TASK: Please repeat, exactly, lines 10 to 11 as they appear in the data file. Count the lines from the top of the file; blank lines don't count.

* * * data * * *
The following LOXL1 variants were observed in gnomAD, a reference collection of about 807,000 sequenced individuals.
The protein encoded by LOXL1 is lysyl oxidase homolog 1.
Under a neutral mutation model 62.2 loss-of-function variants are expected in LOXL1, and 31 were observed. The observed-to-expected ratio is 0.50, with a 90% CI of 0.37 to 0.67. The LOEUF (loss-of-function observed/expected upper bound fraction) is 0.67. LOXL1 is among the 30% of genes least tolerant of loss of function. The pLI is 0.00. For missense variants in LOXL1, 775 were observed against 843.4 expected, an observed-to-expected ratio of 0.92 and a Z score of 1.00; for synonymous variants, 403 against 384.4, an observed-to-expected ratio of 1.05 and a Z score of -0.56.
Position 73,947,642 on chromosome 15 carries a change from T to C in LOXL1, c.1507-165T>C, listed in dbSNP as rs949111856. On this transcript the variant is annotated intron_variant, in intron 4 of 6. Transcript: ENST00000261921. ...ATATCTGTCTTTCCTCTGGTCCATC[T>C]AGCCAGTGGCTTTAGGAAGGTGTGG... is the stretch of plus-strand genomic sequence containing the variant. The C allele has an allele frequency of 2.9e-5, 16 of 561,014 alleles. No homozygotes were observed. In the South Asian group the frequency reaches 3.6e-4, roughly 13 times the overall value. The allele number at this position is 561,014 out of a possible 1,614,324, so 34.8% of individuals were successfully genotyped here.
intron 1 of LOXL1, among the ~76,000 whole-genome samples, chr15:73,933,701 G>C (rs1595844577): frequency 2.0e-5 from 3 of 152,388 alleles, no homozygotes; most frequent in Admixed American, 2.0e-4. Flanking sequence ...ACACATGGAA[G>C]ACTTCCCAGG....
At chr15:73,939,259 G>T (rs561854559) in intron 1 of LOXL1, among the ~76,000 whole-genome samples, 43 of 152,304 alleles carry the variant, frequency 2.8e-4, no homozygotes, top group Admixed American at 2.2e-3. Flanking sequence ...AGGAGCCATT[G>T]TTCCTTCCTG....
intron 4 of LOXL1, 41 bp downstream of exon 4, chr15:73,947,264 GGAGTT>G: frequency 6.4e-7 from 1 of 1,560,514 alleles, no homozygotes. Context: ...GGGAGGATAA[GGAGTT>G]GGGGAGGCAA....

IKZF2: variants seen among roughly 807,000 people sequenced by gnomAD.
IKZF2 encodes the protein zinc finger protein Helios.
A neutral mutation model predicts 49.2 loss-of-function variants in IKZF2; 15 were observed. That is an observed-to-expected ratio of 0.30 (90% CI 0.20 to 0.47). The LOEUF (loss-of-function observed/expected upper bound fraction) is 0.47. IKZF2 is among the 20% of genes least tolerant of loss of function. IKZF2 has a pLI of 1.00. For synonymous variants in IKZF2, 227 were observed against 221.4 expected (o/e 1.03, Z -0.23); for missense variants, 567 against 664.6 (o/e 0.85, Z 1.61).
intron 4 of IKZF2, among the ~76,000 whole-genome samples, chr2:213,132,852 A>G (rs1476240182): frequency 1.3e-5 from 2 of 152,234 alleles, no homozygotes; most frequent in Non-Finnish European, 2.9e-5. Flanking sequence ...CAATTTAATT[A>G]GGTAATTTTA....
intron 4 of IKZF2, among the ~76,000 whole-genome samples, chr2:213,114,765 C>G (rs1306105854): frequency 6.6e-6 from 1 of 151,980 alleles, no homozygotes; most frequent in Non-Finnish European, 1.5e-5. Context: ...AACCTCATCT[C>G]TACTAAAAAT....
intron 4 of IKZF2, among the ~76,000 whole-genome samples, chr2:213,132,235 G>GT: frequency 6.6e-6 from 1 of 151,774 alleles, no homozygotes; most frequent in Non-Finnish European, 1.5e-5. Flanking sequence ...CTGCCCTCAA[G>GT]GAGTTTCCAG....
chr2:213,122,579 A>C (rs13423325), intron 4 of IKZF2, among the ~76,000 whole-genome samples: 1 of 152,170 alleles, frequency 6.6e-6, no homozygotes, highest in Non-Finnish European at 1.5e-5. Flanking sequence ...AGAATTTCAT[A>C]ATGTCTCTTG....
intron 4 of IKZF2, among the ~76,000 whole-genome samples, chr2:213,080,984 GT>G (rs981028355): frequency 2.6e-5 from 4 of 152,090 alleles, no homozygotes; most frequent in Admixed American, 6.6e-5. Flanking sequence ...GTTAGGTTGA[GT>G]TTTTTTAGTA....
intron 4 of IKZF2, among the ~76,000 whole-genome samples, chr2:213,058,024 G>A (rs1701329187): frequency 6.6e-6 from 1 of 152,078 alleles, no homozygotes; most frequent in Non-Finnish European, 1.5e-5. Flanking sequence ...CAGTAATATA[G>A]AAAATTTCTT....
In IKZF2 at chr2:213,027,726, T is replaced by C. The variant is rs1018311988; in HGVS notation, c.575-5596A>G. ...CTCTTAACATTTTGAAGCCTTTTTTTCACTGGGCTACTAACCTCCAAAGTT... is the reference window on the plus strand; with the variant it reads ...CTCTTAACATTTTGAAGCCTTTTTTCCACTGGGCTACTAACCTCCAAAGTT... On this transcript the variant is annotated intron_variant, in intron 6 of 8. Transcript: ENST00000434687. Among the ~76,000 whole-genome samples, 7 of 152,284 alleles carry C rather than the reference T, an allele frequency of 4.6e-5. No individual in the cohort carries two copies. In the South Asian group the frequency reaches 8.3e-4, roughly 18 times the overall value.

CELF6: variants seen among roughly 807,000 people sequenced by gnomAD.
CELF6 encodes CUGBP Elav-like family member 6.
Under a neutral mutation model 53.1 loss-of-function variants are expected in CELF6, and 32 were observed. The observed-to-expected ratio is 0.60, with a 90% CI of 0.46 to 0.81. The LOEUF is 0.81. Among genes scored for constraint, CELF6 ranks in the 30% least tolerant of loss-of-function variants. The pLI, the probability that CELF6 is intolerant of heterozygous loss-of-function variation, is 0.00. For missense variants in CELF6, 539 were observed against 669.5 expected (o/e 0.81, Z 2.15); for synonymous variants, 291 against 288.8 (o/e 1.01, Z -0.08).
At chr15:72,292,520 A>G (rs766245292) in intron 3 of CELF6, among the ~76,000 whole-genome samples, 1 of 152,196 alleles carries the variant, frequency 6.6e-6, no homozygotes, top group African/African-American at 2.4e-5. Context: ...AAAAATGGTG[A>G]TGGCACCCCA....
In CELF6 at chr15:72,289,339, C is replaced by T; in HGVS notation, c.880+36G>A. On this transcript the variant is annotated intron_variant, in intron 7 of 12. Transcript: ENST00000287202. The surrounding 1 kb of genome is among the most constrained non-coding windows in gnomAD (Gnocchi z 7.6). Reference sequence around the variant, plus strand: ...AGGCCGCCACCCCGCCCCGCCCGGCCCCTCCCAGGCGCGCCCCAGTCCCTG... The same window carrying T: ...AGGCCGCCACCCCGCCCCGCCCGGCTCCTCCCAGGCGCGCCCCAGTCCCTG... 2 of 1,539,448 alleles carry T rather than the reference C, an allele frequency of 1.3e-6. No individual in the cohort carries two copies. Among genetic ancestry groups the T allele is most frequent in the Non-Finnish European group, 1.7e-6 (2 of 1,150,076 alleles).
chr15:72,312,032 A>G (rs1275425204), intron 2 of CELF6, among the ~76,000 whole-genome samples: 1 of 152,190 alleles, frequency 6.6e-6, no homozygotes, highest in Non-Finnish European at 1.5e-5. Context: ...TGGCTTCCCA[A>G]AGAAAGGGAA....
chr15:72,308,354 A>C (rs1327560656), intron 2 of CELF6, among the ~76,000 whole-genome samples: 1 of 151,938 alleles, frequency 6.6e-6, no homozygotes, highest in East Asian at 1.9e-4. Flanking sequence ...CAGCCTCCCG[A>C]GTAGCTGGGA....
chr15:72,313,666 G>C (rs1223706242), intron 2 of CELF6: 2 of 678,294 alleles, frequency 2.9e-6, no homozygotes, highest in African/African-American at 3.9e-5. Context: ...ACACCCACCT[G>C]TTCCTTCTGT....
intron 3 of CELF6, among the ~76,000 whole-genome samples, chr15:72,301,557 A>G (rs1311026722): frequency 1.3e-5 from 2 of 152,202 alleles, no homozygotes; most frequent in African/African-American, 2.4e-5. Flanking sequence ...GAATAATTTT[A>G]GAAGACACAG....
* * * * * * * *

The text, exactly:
A neutral mutation model predicts 49.2 loss-of-function variants in IKZF2; 15 were observed. That is an observed-to-expected ratio of 0.30 (90% CI 0.20 to 0.47). The LOEUF (loss-of-function observed/expected upper bound fraction) is 0.47. IKZF2 is among the 20% of genes least tolerant of loss of function. IKZF2 has a pLI of 1.00. For synonymous variants in IKZF2, 227 were observed against 221.4 expected (o/e 1.03, Z -0.23); for missense variants, 567 against 664.6 (o/e 0.85, Z 1.61).
intron 4 of IKZF2, among the ~76,000 whole-genome samples, chr2:213,132,852 A>G (rs1476240182): frequency 1.3e-5 from 2 of 152,234 alleles, no homozygotes; most frequent in Non-Finnish European, 2.9e-5. Flanking sequence ...CAATTTAATT[A>G]GGTAATTTTA....